said, that if there should be that variety of opinion amongst the several members of the Committee, which the noble Lord seemed to think, there might be a difficulty in their coming to one general conclusion as td their report, and it was of the utmost importance that they should come to a sound opinion, as the system of banking in this country for the next twenty or twenty-five years might depend upon their decision. There were two points on which he did not clearly un- 1359 derstand the noble Lord, and was, therefore, anxious for some further information respecting them. The question of the 1l. note circulation was totally different from that of the renewal of the Bank Charter, and he did not see why they should be mixed up. Did he understand the noble Lord that they were both to form subjects of consideration in the Committee? The other point on which he did not clearly comprehend the noble Lord was, as to the terms on which the Bank was to transact the public business, or be made the banker of the State, and as to the compensation which the public might expect to obtain for giving to that body exclusively the management of the Public Debt, and the privilege of issuing notes in the metropolis. He should rather think, that whatever bargain was to be made with the Bank in this respect, should be on the responsibility of Government, and not left to the arrangement of a Committee. The Government, of course, would make the best bargain it could for the public, and the Bank would be able to take care of its own interests. Would it not be well that some instructions should be given to the Committee on these points?
§ Lord Althorp
said, that as to the subject of the 1l. notes, he had formed his own opinion; but at the same time he felt it impossible to exclude it from the consideration of the Committee, if they should think fit to enter upon it. As to the other point, he thought the Committee was not the fit medium through which a bargain should be made with the Bank. They might give their opinion as to the terms of the present bargain, but the Government should be left to make any future arrangement that it might deem necessary on that subject. These, however, were matters which could not be excluded from the consideration of the Committee, if the Members pleased to enter upon them, unless the House tied up their hands more strictly than ought to be the case with such a Committee.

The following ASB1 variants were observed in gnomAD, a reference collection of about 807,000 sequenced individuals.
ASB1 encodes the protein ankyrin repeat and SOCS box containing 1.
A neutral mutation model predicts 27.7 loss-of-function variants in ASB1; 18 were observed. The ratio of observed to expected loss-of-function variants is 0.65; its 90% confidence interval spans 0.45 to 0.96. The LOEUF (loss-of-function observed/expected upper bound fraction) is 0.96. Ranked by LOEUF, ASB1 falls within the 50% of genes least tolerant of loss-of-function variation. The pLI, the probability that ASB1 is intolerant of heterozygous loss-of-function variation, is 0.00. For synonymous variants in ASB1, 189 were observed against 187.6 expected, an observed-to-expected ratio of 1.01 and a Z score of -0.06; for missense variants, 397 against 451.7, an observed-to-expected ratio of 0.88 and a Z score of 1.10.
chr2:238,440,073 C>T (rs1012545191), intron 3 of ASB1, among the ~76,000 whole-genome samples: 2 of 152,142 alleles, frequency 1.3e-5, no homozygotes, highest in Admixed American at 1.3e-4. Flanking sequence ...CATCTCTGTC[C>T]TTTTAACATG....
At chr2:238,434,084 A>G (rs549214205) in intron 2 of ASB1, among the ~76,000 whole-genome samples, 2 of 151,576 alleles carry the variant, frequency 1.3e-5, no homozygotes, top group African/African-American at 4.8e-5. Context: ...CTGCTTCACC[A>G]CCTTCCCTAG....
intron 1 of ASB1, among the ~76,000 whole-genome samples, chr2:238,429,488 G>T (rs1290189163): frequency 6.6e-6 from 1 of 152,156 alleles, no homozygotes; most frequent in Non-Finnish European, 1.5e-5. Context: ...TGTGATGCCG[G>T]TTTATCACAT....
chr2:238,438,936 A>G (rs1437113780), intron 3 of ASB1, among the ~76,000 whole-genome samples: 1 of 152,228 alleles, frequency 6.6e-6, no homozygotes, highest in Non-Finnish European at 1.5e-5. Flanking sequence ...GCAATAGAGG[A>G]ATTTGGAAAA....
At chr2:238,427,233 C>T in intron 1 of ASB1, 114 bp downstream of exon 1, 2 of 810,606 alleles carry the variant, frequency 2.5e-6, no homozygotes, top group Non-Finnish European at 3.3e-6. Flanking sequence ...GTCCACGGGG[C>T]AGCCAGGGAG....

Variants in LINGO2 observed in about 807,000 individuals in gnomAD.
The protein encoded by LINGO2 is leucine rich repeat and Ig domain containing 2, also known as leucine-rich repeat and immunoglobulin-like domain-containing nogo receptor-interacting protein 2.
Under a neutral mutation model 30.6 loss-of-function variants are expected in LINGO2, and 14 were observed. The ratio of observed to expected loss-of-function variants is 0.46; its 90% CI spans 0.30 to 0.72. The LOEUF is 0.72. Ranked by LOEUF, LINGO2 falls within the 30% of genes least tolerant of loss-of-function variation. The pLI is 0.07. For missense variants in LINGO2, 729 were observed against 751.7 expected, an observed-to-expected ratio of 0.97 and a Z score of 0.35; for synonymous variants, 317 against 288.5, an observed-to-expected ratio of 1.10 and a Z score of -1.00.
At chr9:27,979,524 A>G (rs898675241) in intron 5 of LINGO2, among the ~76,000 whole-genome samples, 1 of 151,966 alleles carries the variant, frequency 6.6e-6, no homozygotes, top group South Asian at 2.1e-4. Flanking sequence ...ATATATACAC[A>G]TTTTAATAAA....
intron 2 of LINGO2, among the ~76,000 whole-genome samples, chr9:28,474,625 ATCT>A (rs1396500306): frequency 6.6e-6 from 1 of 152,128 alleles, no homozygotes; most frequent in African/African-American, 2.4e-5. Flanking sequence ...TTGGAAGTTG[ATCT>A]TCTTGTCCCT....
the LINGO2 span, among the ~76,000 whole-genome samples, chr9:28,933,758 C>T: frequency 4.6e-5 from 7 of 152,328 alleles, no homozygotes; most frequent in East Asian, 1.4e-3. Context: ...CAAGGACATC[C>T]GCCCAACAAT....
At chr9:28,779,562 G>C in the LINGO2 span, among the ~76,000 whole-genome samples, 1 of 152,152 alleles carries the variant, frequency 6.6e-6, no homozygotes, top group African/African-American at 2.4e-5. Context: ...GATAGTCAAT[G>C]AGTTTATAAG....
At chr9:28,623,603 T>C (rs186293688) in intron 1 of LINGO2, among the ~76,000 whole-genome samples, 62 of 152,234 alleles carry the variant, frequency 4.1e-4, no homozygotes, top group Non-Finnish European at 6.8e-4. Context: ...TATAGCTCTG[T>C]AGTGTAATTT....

said, from what had fallen from the hon. Gentleman (Mr. Baring), as to the decision of this Committee having an influence upon the system of banking in this country for the next twenty years, that hon. Member seemed to think that the Committee were only to consider the renewal of the Charter; which the hon. Member took for granted would be re- 1360 newed, but as it appeared to him (Mr. Hume), the Committee might consider and report upon the expediency of renewing the Bank Charter at all.
§ Mr. Pearse
had heard the noble Lord's statement as to the different opinions on the subject of banking, which the several members of the Committee were supposed to represent. He hoped that the noble Lord would select a sufficient number of practical men to go through the details of the Committee, and that they should not find on it a set of philosophers; for he always found that where such men applied themselves to practical measures, they were very obstinate, and it was difficult to move them from their preconceived opinions. An unsatisfactory decision by the Committee, on this important subject, would only lead to future remonstrances, and to great annoyance and inconvenience.
§ Sir Henry Parnell
understood that the Committee were to take into consideration not merely the renewal of the Charter, but the whole subject of banking. As to the suggestion of the hon. Gentleman below him (Mr. Pearse), that there should be practical men on the Committee, he would beg to ask that hon. Member, how the practical men had managed the Bank of England after the suspension of cash payments in 1797? The hon. Member was then a Director, and must remember that the effect of that measure was a depreciation of Bank paper to the amount of thirty per cent. That depreciation was, however, denied by the practical men of that day, and on that denial was founded a memorable vote of that House.
§ Sir Richard Vyvyan
thought it not a little extraordinary, that now, at what he might call the close of this self-doomed and self-admitted corrupt Parliament, the noble Lord should have appointed such a Committee as this. How did they know how long this Parliament might last, or whether they should ever be returned again? He remembered that, eighteen months ago, an hon. friend of his asked the noble Lord, whether he intended to bring forward any measure relative to the currency of the country, and the noble Lord stated he had no such intention. Now, however, when a measure had passed that House, which hon. Gentlemen on the Ministerial side said, that the whole country demanded, and which was to be carried through the other House by any and every means—at such a time, when 1361 they were not certain of having this Parliament another Session, they were about to enter into the whole question of the currency. He did not say (that they were to go into the question of the standard of value, but they were to go into the question of the issue of 1l. notes. He must protest against that course. He thought they ought to wait until the Bill which, as he had said, was to be carried through the other House by any means, should have passed.